“Could you do me a favor?” In the course of a day, depending on your circumstances, you might say and hear that request a dozen times or more, especially if you work with a lot of different people. In a school, students ask for letters of recommendation and for permission to go do That One Thing for a few minutes. Colleagues ask for help with That Other Thing, and parents might send an email asking for help or clarification. Even Powers That Be sometimes introduce a request by asking for a favor.
The process of doing favors (and receiving the favors you’ve asked for) is important. It’s part of the glue that holds any organization together, whether it’s as simple as a family helping each other with household chores or as complicated as the chains of favors that informally hold a large, bureaucratic organization together. But favors aren’t always as simple or clear-cut as we might like.
Ms. H, one of the subjects of yesterday’s post, felt strongly that she was doing favors to the students she met with, slowly and laboriously, to go over their schedules for the Upcoming School Year class by class and line by line. Ms. D, who’s currently responsible for registration and scheduling, disagrees. “We’re not doing them any favors,” she said yesterday, “when we do stuff for them that they need to be able to do for themselves!” Ms. D and I had been talking about a number of things, and we went on to talk about several more … but the idea of doing no favors, especially when you think you’re doing a big favor, stuck with me.
Ms. H was usually tired and angry by the end of her lengthy registration and scheduling process. She felt unappreciated, even disrespected, by students, colleagues, parents, and Powers That Be. “They just don’t understand how hard it is,” she’d say sometimes. And that’s probably true … but it’s also true that what Ms. H perceived as a favor wasn’t perceived as such by the recipients of her intended favors. Students and parents, knowing no other approach, assumed that Ms. H was just doing what she was supposed to do or what she’d been told to do by Powers That Be, or else they resented her claim that a particular course combination would be “impossible” or “too hard.” Colleagues, overwhelmed by “too much to cover,” resented her arrival, the knocks on the door, the disappearance of That One Student, the one who “really needed to be in class today,” for fifteen minutes or more. And Powers That Be, looking at Ms. H’s many other responsibilities piling up over a period of weeks? Ms. H frequently complained about how unappreciated she felt when she was asked about those other responsibilities.
When you stop and think about it, a favor is something that a person with a particular resource gives to someone without that resource. In the Roman world, patrons gave baskets of food and money to their poorest clients, who responded with various forms of (technically unpaid) work, with applause for the patron’s public speeches, or with a vote for the patron or his preferred candidate for some office. The system persisted because of the balance, because (at least in theory) each side was able to provide something (a favor) that the other side needed or lacked. When there’s asymmetry or imbalance, though, it’s easy for favors to breed the kinds of resentment that Ms. H felt … and to breed that resentment in both the giver and the receiver of the favors.
“Those bad, lazy kids and teachers don’t appreciate all I do for them!” She never said that out loud, and she probably didn’t consciously think it, either. But when you saw her at the end of a long, tiring day of favors, you could feel it in the line of her tired shoulders, the look of sadness and exhaustion on her face. Lots of us worried about Ms. H’s health, and we were glad she decided to go ahead and retire while she was still able to enjoy her retirement. But when I talked with Latin Family members and their parents during the weeks of registration, I heard resentment of Ms. H’s approach in return. “She acts like she’s doing us a favor or something!” Nobody said that out loud, either, and they may not have consciously thought it. But you could feel it when people asked why she was “making it so hard” or when they asked me to intervene and fix a problem with a language-course placement.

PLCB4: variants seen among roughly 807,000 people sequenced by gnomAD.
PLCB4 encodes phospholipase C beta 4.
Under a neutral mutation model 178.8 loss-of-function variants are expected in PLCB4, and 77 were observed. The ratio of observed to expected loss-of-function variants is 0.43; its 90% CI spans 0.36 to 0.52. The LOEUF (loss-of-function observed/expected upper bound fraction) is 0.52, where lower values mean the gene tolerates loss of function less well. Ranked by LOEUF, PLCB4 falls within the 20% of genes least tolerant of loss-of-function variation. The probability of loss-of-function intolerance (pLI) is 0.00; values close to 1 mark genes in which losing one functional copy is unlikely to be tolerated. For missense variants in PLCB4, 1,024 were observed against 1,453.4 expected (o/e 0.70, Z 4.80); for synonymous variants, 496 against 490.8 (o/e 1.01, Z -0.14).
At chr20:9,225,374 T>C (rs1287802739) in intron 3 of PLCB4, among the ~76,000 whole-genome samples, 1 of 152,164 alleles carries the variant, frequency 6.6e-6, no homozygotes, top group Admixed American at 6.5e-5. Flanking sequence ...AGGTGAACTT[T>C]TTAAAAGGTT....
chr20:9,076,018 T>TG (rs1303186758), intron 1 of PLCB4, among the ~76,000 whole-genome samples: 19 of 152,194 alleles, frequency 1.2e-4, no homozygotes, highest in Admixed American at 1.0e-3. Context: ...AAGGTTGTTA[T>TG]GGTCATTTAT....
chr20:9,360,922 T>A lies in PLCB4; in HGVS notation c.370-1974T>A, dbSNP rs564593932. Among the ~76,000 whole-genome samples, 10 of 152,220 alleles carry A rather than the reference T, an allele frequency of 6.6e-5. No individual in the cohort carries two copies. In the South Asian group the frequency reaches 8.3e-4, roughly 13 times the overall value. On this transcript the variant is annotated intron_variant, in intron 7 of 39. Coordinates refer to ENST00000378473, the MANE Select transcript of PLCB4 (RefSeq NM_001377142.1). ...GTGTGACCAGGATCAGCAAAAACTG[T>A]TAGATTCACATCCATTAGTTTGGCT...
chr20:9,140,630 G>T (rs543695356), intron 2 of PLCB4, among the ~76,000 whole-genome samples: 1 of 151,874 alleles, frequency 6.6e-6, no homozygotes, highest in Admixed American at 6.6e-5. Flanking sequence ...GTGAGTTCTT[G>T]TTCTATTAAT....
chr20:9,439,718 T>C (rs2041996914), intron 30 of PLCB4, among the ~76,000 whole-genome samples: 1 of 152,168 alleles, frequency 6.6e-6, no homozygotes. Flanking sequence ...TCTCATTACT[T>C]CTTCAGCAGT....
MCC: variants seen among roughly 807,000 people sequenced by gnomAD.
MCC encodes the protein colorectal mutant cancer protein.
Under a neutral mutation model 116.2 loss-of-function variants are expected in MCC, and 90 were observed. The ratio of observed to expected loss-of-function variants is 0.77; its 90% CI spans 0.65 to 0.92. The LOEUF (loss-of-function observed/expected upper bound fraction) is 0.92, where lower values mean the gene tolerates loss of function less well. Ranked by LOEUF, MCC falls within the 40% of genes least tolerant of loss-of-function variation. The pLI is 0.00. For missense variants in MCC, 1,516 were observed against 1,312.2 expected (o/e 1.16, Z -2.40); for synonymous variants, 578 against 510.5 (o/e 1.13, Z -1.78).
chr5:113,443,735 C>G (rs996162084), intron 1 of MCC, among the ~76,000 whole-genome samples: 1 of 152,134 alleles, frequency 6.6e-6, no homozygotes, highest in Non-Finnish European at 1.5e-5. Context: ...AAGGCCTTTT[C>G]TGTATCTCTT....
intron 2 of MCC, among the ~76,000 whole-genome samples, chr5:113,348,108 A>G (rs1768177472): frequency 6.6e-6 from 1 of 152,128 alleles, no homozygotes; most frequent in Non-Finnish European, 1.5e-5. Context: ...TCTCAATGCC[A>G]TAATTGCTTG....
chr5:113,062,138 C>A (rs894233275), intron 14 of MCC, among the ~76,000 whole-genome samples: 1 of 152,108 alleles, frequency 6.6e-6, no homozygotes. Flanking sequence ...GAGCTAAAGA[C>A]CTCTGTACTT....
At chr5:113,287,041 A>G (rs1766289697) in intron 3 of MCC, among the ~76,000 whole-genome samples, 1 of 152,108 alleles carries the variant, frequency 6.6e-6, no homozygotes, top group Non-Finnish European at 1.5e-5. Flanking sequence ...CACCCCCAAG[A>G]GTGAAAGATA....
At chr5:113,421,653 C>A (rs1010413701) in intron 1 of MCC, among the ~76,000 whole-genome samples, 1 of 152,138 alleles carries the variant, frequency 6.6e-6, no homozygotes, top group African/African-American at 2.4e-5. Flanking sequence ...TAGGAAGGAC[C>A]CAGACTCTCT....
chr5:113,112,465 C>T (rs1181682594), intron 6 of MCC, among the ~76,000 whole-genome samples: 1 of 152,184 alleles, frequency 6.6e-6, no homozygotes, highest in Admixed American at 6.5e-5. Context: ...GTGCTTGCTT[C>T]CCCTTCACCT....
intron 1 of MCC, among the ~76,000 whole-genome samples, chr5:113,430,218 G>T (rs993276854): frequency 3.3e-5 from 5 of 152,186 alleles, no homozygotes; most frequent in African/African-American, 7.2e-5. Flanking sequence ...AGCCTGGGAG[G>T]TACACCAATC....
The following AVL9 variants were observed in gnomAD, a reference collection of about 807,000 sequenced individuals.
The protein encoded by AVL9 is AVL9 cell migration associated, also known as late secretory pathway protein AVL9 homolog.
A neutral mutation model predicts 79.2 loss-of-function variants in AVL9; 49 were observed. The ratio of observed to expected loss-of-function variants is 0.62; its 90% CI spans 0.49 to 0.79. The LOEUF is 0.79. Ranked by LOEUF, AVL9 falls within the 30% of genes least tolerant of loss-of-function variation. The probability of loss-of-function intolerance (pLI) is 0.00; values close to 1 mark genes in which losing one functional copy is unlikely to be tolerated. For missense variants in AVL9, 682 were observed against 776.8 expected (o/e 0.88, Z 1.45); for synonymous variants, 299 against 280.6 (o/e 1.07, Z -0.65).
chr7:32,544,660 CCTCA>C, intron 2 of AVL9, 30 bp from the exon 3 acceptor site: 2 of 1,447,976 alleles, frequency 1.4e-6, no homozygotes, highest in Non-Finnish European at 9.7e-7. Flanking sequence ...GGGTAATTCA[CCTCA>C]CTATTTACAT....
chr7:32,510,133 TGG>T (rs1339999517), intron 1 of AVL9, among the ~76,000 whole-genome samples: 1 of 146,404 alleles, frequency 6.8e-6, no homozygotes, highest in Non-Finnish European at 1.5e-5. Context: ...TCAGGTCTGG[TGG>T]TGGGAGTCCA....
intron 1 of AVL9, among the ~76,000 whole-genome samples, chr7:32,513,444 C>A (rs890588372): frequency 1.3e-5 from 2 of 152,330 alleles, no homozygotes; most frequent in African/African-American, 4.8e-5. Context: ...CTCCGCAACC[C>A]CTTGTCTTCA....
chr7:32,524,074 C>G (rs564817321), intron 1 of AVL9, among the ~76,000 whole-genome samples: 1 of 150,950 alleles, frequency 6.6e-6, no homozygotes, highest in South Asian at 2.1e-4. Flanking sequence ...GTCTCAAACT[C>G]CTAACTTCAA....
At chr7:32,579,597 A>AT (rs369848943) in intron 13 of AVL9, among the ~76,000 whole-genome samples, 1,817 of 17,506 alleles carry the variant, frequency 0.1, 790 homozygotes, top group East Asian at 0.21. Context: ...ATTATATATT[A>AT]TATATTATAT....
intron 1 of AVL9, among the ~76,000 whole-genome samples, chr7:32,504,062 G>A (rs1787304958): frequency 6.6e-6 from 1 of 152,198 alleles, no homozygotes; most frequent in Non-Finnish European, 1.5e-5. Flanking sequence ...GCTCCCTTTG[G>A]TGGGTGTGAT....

The Monday Evening Book Group has been working through this remarkable book by Dwight Zscheile, who has a lot to say to religious organizations that once had pride of place but now find themselves displaced in an increasingly diverse, rapidly changing world. But there are also lessons for other organizations and people who are yielding pride of place as the world changes. Factory-model schools and their teachers? I can’t count how many times I’ve heard, seen, and read complaints from colleagues (usually my age and a bit older) about how “teachers used to be revered” but that’s no longer the case. The typical “solution,” of course, is to somehow turn back the clock, to return to a fervently-believed world where teachers were revered, to recapture the glorious (and partly imaginary) days when teachers and schools dispensed favors to a grateful population.
But if they ever existed, those days are gone … and I don’t mourn them. Consistently dispensing favors without ever needing to receive one? It’s a recipe for arrogance, for contempt for those who do receive. And arrogance and contempt don’t do much to build or sustain a community, or even a group of supporters.
When you’re building and sustaining joyful learning communities, what’s the role of favors? I think there’s a lot more mutuality, a lot more giving and receiving by everybody, and there’s a much greater sense of mutual need and mutual support. That’s important for me to remember on this busy day, and I hope it helps you on your journey as well.
I wonder what other new insights the day will hold!